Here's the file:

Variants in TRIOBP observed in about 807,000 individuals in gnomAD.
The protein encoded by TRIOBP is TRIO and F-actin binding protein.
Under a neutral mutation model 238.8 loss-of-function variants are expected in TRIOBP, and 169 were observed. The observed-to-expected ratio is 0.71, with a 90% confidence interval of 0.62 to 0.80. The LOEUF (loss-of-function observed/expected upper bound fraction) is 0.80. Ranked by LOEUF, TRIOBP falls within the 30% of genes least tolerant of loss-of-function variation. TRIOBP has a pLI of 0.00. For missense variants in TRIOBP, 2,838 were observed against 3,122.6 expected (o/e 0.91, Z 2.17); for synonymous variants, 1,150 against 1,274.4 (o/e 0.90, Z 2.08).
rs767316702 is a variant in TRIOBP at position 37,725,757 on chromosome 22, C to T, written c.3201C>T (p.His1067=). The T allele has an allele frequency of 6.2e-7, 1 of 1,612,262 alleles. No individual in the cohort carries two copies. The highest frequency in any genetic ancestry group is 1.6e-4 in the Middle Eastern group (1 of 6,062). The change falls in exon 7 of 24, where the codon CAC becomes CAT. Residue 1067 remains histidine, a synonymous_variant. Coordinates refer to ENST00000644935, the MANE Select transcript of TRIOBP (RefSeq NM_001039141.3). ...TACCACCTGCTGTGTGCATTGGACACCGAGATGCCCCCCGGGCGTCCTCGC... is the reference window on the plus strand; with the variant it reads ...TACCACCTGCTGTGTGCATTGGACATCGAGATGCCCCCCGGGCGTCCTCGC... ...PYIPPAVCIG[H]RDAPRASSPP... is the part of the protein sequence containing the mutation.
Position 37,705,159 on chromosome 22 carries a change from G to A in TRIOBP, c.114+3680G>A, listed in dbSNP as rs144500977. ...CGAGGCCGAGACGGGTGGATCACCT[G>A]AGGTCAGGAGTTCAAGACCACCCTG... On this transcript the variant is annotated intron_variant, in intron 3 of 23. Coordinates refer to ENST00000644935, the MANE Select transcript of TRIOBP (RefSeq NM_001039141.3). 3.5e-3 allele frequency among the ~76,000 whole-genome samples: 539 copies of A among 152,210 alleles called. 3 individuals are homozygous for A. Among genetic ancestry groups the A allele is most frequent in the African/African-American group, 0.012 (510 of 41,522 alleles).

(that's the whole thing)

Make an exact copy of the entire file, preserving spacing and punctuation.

Variants in TRIOBP observed in about 807,000 individuals in gnomAD.
The protein encoded by TRIOBP is TRIO and F-actin binding protein.
Under a neutral mutation model 238.8 loss-of-function variants are expected in TRIOBP, and 169 were observed. The observed-to-expected ratio is 0.71, with a 90% confidence interval of 0.62 to 0.80. The LOEUF (loss-of-function observed/expected upper bound fraction) is 0.80. Ranked by LOEUF, TRIOBP falls within the 30% of genes least tolerant of loss-of-function variation. TRIOBP has a pLI of 0.00. For missense variants in TRIOBP, 2,838 were observed against 3,122.6 expected (o/e 0.91, Z 2.17); for synonymous variants, 1,150 against 1,274.4 (o/e 0.90, Z 2.08).
rs767316702 is a variant in TRIOBP at position 37,725,757 on chromosome 22, C to T, written c.3201C>T (p.His1067=). The T allele has an allele frequency of 6.2e-7, 1 of 1,612,262 alleles. No individual in the cohort carries two copies. The highest frequency in any genetic ancestry group is 1.6e-4 in the Middle Eastern group (1 of 6,062). The change falls in exon 7 of 24, where the codon CAC becomes CAT. Residue 1067 remains histidine, a synonymous_variant. Coordinates refer to ENST00000644935, the MANE Select transcript of TRIOBP (RefSeq NM_001039141.3). ...TACCACCTGCTGTGTGCATTGGACACCGAGATGCCCCCCGGGCGTCCTCGC... is the reference window on the plus strand; with the variant it reads ...TACCACCTGCTGTGTGCATTGGACATCGAGATGCCCCCCGGGCGTCCTCGC... ...PYIPPAVCIG[H]RDAPRASSPP... is the part of the protein sequence containing the mutation.
Position 37,705,159 on chromosome 22 carries a change from G to A in TRIOBP, c.114+3680G>A, listed in dbSNP as rs144500977. ...CGAGGCCGAGACGGGTGGATCACCT[G>A]AGGTCAGGAGTTCAAGACCACCCTG... On this transcript the variant is annotated intron_variant, in intron 3 of 23. Coordinates refer to ENST00000644935, the MANE Select transcript of TRIOBP (RefSeq NM_001039141.3). 3.5e-3 allele frequency among the ~76,000 whole-genome samples: 539 copies of A among 152,210 alleles called. 3 individuals are homozygous for A. Among genetic ancestry groups the A allele is most frequent in the African/African-American group, 0.012 (510 of 41,522 alleles).